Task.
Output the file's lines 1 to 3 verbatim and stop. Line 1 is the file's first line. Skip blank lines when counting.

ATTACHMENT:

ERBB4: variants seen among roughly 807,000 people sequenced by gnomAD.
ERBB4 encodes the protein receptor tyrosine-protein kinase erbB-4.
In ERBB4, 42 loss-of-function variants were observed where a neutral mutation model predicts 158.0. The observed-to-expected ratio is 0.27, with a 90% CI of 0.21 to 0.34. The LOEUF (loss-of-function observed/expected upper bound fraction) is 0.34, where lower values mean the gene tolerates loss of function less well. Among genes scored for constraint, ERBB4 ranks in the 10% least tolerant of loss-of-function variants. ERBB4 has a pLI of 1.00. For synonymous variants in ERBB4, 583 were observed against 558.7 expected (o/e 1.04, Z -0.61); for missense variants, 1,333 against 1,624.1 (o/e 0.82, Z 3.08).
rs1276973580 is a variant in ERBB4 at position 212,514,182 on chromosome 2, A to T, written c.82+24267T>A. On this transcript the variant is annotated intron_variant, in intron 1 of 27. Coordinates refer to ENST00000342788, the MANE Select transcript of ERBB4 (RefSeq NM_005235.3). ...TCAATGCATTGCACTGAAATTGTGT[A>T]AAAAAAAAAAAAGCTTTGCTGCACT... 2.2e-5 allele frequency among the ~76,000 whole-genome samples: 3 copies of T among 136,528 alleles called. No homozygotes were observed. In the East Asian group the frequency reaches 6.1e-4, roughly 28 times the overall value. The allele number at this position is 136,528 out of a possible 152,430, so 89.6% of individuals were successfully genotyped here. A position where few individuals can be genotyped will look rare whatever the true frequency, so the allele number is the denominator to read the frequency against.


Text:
ERBB4: variants seen among roughly 807,000 people sequenced by gnomAD.
ERBB4 encodes the protein receptor tyrosine-protein kinase erbB-4.
In ERBB4, 42 loss-of-function variants were observed where a neutral mutation model predicts 158.0. The observed-to-expected ratio is 0.27, with a 90% CI of 0.21 to 0.34. The LOEUF (loss-of-function observed/expected upper bound fraction) is 0.34, where lower values mean the gene tolerates loss of function less well. Among genes scored for constraint, ERBB4 ranks in the 10% least tolerant of loss-of-function variants. ERBB4 has a pLI of 1.00. For synonymous variants in ERBB4, 583 were observed against 558.7 expected (o/e 1.04, Z -0.61); for missense variants, 1,333 against 1,624.1 (o/e 0.82, Z 3.08).